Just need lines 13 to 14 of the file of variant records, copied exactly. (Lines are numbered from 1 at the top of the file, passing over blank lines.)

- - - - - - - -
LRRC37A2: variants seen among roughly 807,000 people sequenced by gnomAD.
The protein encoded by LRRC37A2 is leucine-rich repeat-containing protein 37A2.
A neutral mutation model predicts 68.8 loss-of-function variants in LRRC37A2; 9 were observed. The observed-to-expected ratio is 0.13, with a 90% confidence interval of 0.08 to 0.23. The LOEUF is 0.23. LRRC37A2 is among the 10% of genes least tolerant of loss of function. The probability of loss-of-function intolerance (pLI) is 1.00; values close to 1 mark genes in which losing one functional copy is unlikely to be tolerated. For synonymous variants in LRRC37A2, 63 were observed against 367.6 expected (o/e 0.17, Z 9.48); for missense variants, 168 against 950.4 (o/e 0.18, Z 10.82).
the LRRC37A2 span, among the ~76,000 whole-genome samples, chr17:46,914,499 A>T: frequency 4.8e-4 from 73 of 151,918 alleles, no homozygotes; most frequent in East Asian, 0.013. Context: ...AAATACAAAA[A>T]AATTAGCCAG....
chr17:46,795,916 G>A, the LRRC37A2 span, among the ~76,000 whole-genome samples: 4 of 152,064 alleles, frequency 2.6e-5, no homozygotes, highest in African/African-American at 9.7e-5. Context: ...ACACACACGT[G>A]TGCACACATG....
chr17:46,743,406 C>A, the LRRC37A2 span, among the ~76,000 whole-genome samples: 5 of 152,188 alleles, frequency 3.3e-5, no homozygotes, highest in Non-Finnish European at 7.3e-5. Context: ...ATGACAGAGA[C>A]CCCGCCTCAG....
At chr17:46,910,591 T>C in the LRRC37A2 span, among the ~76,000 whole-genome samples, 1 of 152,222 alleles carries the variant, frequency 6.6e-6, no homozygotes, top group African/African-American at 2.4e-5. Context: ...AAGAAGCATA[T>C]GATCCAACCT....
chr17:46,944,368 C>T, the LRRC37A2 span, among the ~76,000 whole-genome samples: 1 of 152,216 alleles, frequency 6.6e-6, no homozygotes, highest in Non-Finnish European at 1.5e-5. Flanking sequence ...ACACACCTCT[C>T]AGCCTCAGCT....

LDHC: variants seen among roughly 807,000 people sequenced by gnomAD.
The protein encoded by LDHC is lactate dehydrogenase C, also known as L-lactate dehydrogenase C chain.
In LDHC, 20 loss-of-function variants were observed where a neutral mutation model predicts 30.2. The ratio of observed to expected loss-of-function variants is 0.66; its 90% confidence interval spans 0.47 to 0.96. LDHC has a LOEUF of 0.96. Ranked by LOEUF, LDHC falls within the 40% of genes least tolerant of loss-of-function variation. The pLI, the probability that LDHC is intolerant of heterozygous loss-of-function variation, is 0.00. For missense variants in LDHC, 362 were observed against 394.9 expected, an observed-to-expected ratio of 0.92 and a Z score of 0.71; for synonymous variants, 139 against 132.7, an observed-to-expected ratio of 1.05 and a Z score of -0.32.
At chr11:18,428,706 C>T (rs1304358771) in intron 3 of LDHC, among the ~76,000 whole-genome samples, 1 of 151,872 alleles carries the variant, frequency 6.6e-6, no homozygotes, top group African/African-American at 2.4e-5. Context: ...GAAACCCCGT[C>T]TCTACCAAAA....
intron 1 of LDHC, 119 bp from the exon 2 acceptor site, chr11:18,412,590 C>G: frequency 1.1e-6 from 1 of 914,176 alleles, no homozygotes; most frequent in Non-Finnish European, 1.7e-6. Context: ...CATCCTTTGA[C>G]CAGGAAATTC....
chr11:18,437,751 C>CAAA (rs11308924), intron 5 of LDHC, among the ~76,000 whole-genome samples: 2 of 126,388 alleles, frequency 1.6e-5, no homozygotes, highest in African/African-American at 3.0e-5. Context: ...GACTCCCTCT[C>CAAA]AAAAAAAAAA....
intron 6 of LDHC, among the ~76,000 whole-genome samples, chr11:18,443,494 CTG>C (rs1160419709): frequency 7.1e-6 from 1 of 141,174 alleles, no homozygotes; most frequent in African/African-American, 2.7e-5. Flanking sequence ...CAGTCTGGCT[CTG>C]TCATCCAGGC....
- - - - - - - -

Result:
intron 1 of LDHC, 119 bp from the exon 2 acceptor site, chr11:18,412,590 C>G: frequency 1.1e-6 from 1 of 914,176 alleles, no homozygotes; most frequent in Non-Finnish European, 1.7e-6. Context: ...CATCCTTTGA[C>G]CAGGAAATTC....
chr11:18,437,751 C>CAAA (rs11308924), intron 5 of LDHC, among the ~76,000 whole-genome samples: 2 of 126,388 alleles, frequency 1.6e-5, no homozygotes, highest in African/African-American at 3.0e-5. Context: ...GACTCCCTCT[C>CAAA]AAAAAAAAAA....